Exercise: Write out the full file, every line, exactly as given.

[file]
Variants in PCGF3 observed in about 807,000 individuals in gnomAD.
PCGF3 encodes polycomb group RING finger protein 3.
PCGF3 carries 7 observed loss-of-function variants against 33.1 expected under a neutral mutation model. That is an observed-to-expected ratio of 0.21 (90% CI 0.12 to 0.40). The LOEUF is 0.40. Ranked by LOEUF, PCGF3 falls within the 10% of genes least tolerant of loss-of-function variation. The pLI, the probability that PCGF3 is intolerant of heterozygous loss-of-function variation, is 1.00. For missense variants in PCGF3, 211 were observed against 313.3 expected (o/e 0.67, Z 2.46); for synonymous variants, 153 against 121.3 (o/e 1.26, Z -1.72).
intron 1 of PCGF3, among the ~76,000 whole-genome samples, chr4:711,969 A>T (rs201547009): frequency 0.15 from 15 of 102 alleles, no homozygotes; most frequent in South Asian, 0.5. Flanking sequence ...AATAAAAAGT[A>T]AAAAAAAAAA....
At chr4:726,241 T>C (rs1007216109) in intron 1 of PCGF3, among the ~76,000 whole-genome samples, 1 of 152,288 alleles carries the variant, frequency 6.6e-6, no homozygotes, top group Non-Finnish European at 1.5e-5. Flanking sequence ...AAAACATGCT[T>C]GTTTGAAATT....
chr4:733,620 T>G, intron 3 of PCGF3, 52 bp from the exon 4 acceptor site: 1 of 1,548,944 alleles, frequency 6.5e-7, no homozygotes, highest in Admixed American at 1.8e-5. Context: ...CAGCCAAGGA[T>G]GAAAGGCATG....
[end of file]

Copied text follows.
Variants in PCGF3 observed in about 807,000 individuals in gnomAD.
PCGF3 encodes polycomb group RING finger protein 3.
PCGF3 carries 7 observed loss-of-function variants against 33.1 expected under a neutral mutation model. That is an observed-to-expected ratio of 0.21 (90% CI 0.12 to 0.40). The LOEUF is 0.40. Ranked by LOEUF, PCGF3 falls within the 10% of genes least tolerant of loss-of-function variation. The pLI, the probability that PCGF3 is intolerant of heterozygous loss-of-function variation, is 1.00. For missense variants in PCGF3, 211 were observed against 313.3 expected (o/e 0.67, Z 2.46); for synonymous variants, 153 against 121.3 (o/e 1.26, Z -1.72).
intron 1 of PCGF3, among the ~76,000 whole-genome samples, chr4:711,969 A>T (rs201547009): frequency 0.15 from 15 of 102 alleles, no homozygotes; most frequent in South Asian, 0.5. Flanking sequence ...AATAAAAAGT[A>T]AAAAAAAAAA....
At chr4:726,241 T>C (rs1007216109) in intron 1 of PCGF3, among the ~76,000 whole-genome samples, 1 of 152,288 alleles carries the variant, frequency 6.6e-6, no homozygotes, top group Non-Finnish European at 1.5e-5. Flanking sequence ...AAAACATGCT[T>C]GTTTGAAATT....
chr4:733,620 T>G, intron 3 of PCGF3, 52 bp from the exon 4 acceptor site: 1 of 1,548,944 alleles, frequency 6.5e-7, no homozygotes, highest in Admixed American at 1.8e-5. Context: ...CAGCCAAGGA[T>G]GAAAGGCATG....